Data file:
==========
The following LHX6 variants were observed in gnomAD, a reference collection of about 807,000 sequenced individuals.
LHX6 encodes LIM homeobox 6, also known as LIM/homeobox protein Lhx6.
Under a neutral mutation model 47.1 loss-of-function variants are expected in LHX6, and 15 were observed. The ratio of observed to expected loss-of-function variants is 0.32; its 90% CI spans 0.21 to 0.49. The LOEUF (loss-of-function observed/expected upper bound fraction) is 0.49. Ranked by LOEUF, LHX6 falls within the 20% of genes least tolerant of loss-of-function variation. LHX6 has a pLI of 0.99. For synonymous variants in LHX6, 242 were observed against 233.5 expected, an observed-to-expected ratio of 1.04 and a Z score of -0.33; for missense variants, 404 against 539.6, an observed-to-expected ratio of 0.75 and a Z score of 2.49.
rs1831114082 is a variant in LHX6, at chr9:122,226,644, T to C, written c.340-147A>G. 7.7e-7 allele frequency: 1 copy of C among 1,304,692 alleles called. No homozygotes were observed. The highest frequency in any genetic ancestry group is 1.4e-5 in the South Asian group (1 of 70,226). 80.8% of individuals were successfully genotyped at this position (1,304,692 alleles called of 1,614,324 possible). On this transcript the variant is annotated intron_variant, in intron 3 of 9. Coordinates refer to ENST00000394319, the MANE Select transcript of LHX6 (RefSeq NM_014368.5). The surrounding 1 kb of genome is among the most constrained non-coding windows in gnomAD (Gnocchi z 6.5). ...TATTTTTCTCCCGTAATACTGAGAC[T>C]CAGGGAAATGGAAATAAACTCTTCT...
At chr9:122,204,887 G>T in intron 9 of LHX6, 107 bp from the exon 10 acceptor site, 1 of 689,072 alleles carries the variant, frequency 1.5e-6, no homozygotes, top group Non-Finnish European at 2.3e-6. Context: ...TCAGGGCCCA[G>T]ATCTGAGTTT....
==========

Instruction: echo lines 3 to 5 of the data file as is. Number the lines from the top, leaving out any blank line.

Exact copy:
Under a neutral mutation model 47.1 loss-of-function variants are expected in LHX6, and 15 were observed. The ratio of observed to expected loss-of-function variants is 0.32; its 90% CI spans 0.21 to 0.49. The LOEUF (loss-of-function observed/expected upper bound fraction) is 0.49. Ranked by LOEUF, LHX6 falls within the 20% of genes least tolerant of loss-of-function variation. LHX6 has a pLI of 0.99. For synonymous variants in LHX6, 242 were observed against 233.5 expected, an observed-to-expected ratio of 1.04 and a Z score of -0.33; for missense variants, 404 against 539.6, an observed-to-expected ratio of 0.75 and a Z score of 2.49.
rs1831114082 is a variant in LHX6, at chr9:122,226,644, T to C, written c.340-147A>G. 7.7e-7 allele frequency: 1 copy of C among 1,304,692 alleles called. No homozygotes were observed. The highest frequency in any genetic ancestry group is 1.4e-5 in the South Asian group (1 of 70,226). 80.8% of individuals were successfully genotyped at this position (1,304,692 alleles called of 1,614,324 possible). On this transcript the variant is annotated intron_variant, in intron 3 of 9. Coordinates refer to ENST00000394319, the MANE Select transcript of LHX6 (RefSeq NM_014368.5). The surrounding 1 kb of genome is among the most constrained non-coding windows in gnomAD (Gnocchi z 6.5). ...TATTTTTCTCCCGTAATACTGAGAC[T>C]CAGGGAAATGGAAATAAACTCTTCT...
At chr9:122,204,887 G>T in intron 9 of LHX6, 107 bp from the exon 10 acceptor site, 1 of 689,072 alleles carries the variant, frequency 1.5e-6, no homozygotes, top group Non-Finnish European at 2.3e-6. Context: ...TCAGGGCCCA[G>T]ATCTGAGTTT....